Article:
Over at the amazing Climate Camp, it felt relatively calm for most of the afternoon, despite the surly aggression of the police officers in the boiler suits who clearly felt they had drawn the short straw as they stood at either end of the occupied road outside the European Climate Exchange. Sadly the calm didn’t last: from around 7pm, riot police violently attacked the camp, injuring many who had been engaged in peaceful protest and once again refusing to allow anyone to leave the area. As the police advanced, Climate Campers held up their hands and chanted “peace not violence”, but it didn’t do any good – the police waded in with their batons. See the following footage of the violence of the police:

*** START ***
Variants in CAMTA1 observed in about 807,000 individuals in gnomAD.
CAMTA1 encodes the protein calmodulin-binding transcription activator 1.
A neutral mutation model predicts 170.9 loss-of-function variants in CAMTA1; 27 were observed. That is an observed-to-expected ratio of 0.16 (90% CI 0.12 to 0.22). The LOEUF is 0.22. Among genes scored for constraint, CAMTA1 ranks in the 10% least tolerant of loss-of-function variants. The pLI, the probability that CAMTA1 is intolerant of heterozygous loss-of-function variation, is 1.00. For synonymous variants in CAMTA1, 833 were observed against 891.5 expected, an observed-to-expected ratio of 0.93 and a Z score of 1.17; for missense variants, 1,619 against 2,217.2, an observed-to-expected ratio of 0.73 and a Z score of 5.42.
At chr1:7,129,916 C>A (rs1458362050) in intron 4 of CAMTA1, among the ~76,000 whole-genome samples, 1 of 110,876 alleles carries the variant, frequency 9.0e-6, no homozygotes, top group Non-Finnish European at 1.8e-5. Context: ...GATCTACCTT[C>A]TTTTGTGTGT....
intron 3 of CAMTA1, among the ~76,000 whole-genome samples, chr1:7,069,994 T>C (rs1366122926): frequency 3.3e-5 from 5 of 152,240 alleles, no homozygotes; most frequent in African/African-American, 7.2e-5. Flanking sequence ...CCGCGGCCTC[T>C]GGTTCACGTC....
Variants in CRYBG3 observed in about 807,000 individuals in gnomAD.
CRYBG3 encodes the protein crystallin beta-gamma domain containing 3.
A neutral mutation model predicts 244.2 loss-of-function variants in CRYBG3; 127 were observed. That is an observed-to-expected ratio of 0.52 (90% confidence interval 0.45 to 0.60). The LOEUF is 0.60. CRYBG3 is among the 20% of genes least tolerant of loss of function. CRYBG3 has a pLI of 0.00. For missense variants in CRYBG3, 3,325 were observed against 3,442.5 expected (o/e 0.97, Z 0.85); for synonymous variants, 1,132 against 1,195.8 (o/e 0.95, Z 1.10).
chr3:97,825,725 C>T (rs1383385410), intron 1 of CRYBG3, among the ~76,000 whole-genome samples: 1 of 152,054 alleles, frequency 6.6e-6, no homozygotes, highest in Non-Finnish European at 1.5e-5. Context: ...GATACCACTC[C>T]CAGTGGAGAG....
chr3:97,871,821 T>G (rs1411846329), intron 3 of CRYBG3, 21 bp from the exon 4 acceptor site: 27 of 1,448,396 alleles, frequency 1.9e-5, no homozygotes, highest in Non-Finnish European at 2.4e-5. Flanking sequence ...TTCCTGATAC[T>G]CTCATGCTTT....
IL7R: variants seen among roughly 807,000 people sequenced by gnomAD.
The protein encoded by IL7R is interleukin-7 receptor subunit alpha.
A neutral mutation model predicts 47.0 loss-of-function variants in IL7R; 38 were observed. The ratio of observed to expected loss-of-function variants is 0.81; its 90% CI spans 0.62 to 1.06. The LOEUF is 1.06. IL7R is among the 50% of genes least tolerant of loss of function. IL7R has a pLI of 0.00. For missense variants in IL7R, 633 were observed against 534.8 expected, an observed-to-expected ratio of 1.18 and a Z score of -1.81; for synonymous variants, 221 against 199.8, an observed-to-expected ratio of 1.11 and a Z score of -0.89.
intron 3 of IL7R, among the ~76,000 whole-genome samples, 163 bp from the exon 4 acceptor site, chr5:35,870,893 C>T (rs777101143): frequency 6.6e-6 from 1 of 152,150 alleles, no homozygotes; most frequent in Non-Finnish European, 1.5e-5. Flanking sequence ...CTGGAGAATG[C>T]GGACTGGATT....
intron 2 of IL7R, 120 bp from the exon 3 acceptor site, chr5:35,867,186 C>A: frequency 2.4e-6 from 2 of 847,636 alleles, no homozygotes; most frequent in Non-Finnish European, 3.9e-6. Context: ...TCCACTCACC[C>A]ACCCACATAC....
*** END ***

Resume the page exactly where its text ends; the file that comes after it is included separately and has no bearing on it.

I hope that police tactics will come under greater scrutiny over the coming weeks, not least because of the shocking news of the death of a protester caught by in the ‘kettle’ near the Bank of England. This has been referred to the Independent Police Complaints Commission, for what little that is worth, whilst the police have already spread smear stories saying they were attacked when providing assistance to the injured man, which have been contradicted by eye-witnesses. As anyone who recalls the aftermath of any death involving police contact will know, lying seems to be the standard police procedure in these circumstances. But if the police get away yet again with their decision to treat all and any protester as violent and dangerous, there are a number of major potential consequences for any demonstration that doesn’t involve a stroll from Embankment to Hyde Park along a prescribed route.